“I don’t know, Irene, I just don’t know. And I’m ashamed to admit it, but no one has realized she was missing until the institution orderly realized that she hasn’t eaten several meals. I came here as fast as I could after finding out,” he explained. “I have already contacted Hidden Spings PD on the way here. You probably won’t like it, but we’re going to assign a unit to watch over you. This woman, she is obsessed with your family. I’m afraid she is going to come here and I want to catch her before she does any damage.”
“Oh my god…” I blanched. “A woman claiming to be Millie’s babysitter has tried to take her from her art class. The teacher said there was something off about her. That must have been Marilyn.”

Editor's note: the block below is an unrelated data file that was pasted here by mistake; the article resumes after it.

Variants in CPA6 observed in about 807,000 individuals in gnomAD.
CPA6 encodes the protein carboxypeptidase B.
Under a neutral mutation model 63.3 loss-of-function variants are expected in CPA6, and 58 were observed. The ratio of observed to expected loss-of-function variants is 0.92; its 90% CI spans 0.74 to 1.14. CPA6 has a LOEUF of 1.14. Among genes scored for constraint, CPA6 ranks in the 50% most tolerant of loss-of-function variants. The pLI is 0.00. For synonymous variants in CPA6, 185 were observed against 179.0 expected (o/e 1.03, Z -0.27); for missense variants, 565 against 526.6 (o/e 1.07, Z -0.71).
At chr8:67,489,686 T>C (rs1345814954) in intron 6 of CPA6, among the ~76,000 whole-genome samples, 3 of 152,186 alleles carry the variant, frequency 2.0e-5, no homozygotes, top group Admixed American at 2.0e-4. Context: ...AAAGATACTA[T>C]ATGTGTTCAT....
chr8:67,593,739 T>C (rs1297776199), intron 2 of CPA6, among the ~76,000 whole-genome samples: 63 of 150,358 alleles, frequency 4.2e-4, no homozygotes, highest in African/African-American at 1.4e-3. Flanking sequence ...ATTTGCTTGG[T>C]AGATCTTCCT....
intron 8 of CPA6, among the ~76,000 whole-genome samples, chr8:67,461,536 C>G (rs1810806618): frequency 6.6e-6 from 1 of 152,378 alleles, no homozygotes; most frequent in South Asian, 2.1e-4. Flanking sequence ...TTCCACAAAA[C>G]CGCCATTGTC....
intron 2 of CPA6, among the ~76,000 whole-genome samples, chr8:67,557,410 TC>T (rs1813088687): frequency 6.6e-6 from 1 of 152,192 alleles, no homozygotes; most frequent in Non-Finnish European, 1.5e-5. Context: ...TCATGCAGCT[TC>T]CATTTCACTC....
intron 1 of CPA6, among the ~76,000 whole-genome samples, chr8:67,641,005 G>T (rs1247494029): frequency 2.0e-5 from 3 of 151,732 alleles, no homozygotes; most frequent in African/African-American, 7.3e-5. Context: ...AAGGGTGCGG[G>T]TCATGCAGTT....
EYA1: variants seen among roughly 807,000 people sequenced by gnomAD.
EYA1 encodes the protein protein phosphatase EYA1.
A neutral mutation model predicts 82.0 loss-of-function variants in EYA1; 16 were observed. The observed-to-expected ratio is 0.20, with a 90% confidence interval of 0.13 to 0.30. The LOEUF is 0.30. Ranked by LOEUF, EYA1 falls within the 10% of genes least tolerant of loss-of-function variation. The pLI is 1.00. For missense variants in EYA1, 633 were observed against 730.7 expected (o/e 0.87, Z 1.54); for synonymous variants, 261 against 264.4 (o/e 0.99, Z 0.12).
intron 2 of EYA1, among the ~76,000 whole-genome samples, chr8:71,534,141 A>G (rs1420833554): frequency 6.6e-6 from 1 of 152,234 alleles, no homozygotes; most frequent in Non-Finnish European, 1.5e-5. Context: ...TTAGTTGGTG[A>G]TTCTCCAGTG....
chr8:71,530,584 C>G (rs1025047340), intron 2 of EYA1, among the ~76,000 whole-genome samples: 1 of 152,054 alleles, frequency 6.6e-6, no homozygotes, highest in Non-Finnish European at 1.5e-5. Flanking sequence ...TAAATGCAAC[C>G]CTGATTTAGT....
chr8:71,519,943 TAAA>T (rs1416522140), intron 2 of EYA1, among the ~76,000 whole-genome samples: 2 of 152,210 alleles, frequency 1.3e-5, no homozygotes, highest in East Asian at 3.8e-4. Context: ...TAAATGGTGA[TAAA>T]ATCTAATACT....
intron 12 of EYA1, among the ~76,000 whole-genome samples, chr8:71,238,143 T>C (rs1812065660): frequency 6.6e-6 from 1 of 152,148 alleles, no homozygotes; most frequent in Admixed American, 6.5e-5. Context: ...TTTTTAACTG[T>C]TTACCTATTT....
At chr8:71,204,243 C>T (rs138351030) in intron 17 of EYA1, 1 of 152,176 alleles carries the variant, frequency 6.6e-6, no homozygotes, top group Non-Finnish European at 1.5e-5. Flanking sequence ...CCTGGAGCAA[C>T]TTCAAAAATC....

“Is that so? Well, I guess she works faster than we expected, then. You know, I do wonder how she was able to do it. The security at her institution was really tight. And now she is here, so fast… Well, never mind that, let’s just make sure everyone is safe.”
By the time David has arrived with a happily chattering Millie in tow, Mr. Rosswell and I were already discussing what we could do to keep safe. As soon as David was filled in on what has happened, he has decided that it would be best to keep Millie from going to school for the next week and to have her come to work with us. After all, safety in numbers was a thing.
We were to have police surveillance on hand at all times, until Marilyn was found. Of course they would stay inconspicuous, so as not to attract her attention, but they would be near.